A Hurricane Season to Remember

Former Venezuela Presidential Chief of Staff Beatrice Rangel on the hurricanes hitting the Caribbean and the United Nations.

Hurricanes are the vapor water offspring that form over warm ocean waters during summer and mid-autumn. They essentially are intense low pressure areas.

Vapor water releases latent heat of condensation. The heat released in this way is carried away by wind shear.
When there is little wind, shear heat builds up causing low pressure to form. The low-pressure triggers wind spirals that move inward toward the center of the low pressure.
Soon the environment turns into a blender moving at maddening speed to grind everything on its path. 2017 will probably be remembered as the most punishing hurricane season in the 21st century. Harvey; Irma Jose and Maria brought havoc to most of the Caribbean and a significant proportion of Texas and Florida.
As they passed over the basin that bears the name of the fiercest original nation in Latin America, covert drawbacks affecting the victim nations became evident.
These were: the weakness of the power grids and the lack of real planning for the contingency that should be considered part and parcel of the geography.
And as lives were lost and economic development severely affected, the nations of the Caribbean Basin including the U.S. came to the realization that they need to group and begin to slowly rebuild the trade and communications infrastructure with a different vision than the one so far employed to create what was wiped away by Harvey and company.
Hurricane resilient infrastructure includes: solar fed electrical grid; gas boilers; electrical meters, domestic hot water pumps, hot water heaters; and oil backup storage.
But more than that it would demand the use of biodegradable building products such as glass; fiber and wood which can be built to be flexible so that wind does not blow them away.
This of course requires cooperation among nations that border the Caribbean Basin and that are as different from each other as the U.S. and Dominica.
Fortunately for the surviving population in the island nations of the Caribbean, this vision seems to be shared by most rising leaders in politics and business.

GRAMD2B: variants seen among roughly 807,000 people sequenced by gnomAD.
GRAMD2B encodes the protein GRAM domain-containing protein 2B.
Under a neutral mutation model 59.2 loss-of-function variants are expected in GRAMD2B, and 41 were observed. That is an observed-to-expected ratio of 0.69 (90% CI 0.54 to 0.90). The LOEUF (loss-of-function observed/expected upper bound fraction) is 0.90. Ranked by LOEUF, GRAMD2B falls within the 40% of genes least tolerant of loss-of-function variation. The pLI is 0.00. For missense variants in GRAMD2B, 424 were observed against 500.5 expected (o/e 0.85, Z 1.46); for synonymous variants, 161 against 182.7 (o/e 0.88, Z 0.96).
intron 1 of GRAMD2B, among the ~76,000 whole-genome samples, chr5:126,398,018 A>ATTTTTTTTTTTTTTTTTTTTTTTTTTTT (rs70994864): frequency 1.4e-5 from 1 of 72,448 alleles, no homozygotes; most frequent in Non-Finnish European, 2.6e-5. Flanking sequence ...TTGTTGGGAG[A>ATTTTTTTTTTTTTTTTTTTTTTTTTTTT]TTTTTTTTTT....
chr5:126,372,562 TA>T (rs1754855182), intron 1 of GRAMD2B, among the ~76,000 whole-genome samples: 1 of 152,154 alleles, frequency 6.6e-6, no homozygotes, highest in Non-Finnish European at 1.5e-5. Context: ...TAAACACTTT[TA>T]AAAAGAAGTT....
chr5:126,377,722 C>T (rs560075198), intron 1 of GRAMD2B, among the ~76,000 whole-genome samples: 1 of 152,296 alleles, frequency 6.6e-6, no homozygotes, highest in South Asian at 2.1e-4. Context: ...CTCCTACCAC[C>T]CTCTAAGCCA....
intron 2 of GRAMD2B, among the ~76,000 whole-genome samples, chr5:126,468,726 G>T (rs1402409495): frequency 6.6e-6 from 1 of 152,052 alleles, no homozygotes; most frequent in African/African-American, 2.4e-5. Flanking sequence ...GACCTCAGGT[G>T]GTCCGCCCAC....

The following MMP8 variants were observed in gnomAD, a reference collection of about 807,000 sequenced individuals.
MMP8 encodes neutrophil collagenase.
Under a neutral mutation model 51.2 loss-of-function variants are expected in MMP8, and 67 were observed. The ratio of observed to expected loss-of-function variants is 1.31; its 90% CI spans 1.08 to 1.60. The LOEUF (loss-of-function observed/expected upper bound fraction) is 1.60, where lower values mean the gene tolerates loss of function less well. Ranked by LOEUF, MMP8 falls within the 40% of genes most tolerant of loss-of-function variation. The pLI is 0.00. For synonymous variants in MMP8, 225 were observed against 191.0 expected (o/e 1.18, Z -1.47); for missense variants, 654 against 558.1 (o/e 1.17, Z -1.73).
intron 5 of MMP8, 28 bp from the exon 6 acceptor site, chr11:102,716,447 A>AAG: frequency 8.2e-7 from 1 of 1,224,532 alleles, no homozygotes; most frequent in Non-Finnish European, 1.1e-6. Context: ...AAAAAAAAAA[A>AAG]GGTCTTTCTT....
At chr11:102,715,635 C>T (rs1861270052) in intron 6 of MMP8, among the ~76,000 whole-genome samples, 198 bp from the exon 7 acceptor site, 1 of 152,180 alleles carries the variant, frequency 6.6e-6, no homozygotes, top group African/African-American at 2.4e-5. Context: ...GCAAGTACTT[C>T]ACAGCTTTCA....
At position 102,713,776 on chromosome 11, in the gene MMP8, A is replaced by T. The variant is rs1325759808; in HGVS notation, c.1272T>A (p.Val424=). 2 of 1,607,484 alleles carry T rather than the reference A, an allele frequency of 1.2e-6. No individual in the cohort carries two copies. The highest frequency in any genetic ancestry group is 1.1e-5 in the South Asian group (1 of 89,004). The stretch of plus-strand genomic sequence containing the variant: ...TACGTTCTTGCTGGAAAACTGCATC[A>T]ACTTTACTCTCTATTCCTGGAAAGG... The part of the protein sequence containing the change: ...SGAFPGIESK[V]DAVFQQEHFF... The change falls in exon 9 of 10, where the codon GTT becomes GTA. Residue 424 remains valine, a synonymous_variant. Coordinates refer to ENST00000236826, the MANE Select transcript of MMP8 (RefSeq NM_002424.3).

What the region now needs is the U.S. to come on board. And while President Trump has been outspoken about the need to quickly replace decayed infrastructure, 9 months into his mandate an infrastructure renewal plan has yet to be developed. Perhaps the hurricane season will bring the much-needed sense of urgency to his mind.
But hurricanes did not stay in the Caribbean.
They were also present in the United Nations General Assembly with President Trump delivering a ground-breaking speech.
For the first time in the organization’s history a head of state clearly presented the choices left to at least three nations to successfully engage with the U.S. These countries were North Korea; Iran and Venezuela.
To all of them an ultimatum was issued to correct current course or face U.S. might. The speech wiped out every other intervention by world leaders while creating at least three political tornados in the world.
The first and most obvious was the Chinese decision to apply sanctions to North Korea. This could effectively bring North Korea to its knees as China is its sole effective trade conduit.
It however remains to be seen whether Kim-Jong Um ups the ante and detonates a bomb in the Pacific as he threatened to do.
Should this be the case, the U.S. would need to group with China and Japan to agree on and unfold a cooperative policy vis-a-vis a leader that until very recently was described by the President of the United States as “a smart cookie.”
The second tornado was the Iranian response to the Trump speech which requested the international community to come to the defense of a treaty blessed by the United Nations. And by so doing, Iran understands that it must become more open to searches from the International Atomic Agency.
This strategy would most probably engage many nations in a treaty that was up to now largely seen as an affair between Iran and the U.S. In the process, Iran hopes to gain time up an until President Trump ends his first four-year term.
Venezuela for its part seems truly subdued and disconcerted.
And as days pass and other countries like Canada join the fray of sanction-imposing nations, the ruling clique in Venezuela must be increasingly seeing the handwriting on the wall that indicates that time is up.
But as we all too well know, leadership of rogue states seems to believe that there are perfect crimes in the world. It is up to the international community to prove them wrong.

Published by LAHT.com Monday September 25th, 2017

*The opinions published herein are the sole responsibility of its author.*